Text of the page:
CAMDEN, NEW JERSEY
Joe Zawitkowski's Bar
45 York Street
Northeast Corner of York and Point Streets
The three-story building at 45 York Street, at the corner of Point & York Streets, had already been built by 1887. Frederick Eitz, a blacksmith for the Camden & Amboy Railroad, resided there, and is listed in the 1887-1888 and 1888-1889 Camden City Directories. The 1890-1891 Directory shows that an M.A. Bruce was operating a boarding house there. Of the nine boarders listed in the directory, seven were ship carpenters, employed at the nearby shipyards.
45 York Street was being operated as tavern by 1918, when Frank Ziemski was the proprietor. He had acquired the property some time after the 1910 Census. Frank Ziemski passed away during the 1920s. The Camden City Directories indicate that Mrs. Anna Ziemski operated the establishment from 1926 through 1931, and the 1930 census shows that her daughter and son-in-law, Amanda and Joseph Schlichting, widowed daughter, Helen Olesiewicz, grandchildren Loretta and Joseph, also resided there. During the Prohibition years she sold cigars, soda, and other soft drinks, bottled across the street at Oscar B. Wiedenhammer's Bottling Works at 48-50 York street.
By 1939, Helen Ziemski Olesiewicz had remarried. Her new husband, Joseph G. Zawitkowski was operating the bar. Joseph and Helen Zawitkoski reamined in business at 45 York Street through at least 1969.
Granddaughter Dianne Olesiewicz Yasik wrote in June of 2006:
My father is Joseph (just celebrated his 81st birthday this June), Helen's son, he worked many mornings and nights at the family's bar. They opened early mornings for the ship yard workers finishing up their night shift. My grandmother made the best sandwiches.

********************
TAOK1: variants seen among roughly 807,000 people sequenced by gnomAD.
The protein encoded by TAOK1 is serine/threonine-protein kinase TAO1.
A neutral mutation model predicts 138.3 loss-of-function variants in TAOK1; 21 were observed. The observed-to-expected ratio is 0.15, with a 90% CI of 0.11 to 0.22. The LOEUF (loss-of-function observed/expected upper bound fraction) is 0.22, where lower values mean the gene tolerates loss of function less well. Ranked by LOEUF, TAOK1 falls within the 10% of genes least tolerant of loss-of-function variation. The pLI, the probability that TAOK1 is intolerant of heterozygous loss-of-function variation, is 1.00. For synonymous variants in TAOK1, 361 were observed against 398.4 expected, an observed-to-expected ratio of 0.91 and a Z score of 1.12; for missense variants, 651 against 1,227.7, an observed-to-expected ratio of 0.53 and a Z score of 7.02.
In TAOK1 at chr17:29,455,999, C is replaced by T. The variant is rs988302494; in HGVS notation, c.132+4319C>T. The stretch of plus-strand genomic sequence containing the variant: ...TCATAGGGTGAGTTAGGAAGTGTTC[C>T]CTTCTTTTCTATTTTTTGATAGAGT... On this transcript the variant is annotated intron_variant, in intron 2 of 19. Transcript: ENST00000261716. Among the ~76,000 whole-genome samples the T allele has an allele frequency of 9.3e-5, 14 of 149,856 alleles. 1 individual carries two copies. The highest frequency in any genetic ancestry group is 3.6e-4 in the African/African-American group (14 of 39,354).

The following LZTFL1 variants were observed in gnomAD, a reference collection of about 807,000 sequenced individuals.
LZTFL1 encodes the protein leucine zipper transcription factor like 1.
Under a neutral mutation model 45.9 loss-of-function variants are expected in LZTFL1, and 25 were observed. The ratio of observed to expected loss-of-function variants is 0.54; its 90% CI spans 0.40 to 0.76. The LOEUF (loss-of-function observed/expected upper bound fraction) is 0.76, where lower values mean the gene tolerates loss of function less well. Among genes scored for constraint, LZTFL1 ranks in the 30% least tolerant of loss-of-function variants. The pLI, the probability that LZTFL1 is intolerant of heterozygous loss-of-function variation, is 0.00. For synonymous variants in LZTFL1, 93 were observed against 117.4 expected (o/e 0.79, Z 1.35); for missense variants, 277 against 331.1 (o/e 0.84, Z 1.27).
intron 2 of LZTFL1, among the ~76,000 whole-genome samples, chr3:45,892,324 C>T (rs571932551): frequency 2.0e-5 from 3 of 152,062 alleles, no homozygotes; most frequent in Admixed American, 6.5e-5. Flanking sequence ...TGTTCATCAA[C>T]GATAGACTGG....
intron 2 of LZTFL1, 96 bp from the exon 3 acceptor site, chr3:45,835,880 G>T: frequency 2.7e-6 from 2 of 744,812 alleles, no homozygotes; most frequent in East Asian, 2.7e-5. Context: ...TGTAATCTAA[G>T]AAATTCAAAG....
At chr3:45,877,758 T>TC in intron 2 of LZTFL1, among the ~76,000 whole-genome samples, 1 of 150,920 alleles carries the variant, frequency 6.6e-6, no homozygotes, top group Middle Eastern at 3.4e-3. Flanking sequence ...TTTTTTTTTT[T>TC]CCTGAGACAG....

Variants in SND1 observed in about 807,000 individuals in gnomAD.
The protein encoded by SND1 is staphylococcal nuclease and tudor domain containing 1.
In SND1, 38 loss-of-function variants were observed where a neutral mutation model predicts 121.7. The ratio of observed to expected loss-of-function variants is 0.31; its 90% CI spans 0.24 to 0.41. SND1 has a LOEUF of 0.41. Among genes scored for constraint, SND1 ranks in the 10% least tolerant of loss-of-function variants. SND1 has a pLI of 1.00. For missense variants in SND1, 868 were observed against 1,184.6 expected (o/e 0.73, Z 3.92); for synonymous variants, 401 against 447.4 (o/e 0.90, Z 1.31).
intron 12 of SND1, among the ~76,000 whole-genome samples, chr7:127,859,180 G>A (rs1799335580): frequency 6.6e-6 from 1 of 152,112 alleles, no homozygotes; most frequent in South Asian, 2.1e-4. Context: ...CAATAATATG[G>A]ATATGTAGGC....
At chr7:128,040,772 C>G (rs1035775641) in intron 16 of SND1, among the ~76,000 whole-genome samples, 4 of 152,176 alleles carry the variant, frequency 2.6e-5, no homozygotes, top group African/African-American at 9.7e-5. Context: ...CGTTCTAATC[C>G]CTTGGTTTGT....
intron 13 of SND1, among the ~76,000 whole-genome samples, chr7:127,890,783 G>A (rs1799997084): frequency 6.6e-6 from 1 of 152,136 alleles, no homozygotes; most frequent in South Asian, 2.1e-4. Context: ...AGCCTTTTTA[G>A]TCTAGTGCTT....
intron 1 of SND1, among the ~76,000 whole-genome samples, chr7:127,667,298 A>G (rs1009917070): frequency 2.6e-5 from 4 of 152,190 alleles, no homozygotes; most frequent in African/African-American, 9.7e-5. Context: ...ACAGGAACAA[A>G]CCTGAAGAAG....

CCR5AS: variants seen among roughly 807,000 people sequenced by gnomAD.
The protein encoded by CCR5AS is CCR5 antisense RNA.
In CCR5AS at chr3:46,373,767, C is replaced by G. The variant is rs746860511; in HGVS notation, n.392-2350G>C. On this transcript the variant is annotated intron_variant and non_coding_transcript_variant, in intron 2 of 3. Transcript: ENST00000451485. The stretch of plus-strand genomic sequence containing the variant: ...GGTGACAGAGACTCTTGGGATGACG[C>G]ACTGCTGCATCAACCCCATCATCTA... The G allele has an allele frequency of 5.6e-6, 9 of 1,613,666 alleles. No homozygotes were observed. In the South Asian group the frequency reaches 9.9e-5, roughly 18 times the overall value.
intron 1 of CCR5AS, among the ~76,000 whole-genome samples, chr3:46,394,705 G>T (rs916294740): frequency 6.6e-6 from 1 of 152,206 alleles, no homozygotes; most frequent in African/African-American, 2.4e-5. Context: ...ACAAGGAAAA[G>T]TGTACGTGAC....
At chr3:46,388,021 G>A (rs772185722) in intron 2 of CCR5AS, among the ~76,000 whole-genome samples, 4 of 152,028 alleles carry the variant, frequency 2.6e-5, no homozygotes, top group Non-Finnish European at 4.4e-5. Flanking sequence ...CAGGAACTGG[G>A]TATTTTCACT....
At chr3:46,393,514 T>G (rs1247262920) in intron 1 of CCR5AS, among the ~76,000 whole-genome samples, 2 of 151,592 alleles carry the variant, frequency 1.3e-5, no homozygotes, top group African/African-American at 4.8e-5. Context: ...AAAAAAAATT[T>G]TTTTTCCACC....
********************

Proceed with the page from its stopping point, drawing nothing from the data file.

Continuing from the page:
Bob Parke, who grew up in the neighborhood recalls "...the bar was called Joe's and sloppy Joe's, but it was anything but sloppy, maybe he one time spilled a beer on one of his patrons! There was a side entrance that lead to a good size room with tables and chairs where many of the Mathis shipyard workers and others were served their lunch during the World War II years.
Joseph Zawitkowski lived his remaining years in Camden, passing away in April of 1974, a month, shortly after 80th birthday.
The empty lot is at the southeast corner of Point and York Streets.
901 Point, 45, 47, & 59 York are visible in this photograph.
Click on Image to Enlarge
I went in there a couple of times to collect for my paper route. The bar was neat as pin, I don't even remember stale beer smell that a lot of places had in those days. I recall the back room with tables and chairs for the lunch crowd..
It seems to me 45 York was a three-story building. What sticks in my mind was nobody in North Camden seemed big on brick pointing, but I always remember the brick pointing there was always in great shape. It stood out.
I went in once to collect and bear in mind I was a skinny kid, I guess 5'9 or 5'10'' and weighed all of maybe 130-135 pound Anyway they offered me something to eat and a soda. I guess they thought I looked like I was sort of needy. I didn't take them up on it, but always remembered that offer of kindness. On a hot day I would get a cold drink of water. I guess most of us looked like the Dead End Kids in those days.
Joseph Zawitkowski ran a tavern on this corner, 45 York Street, for many years.
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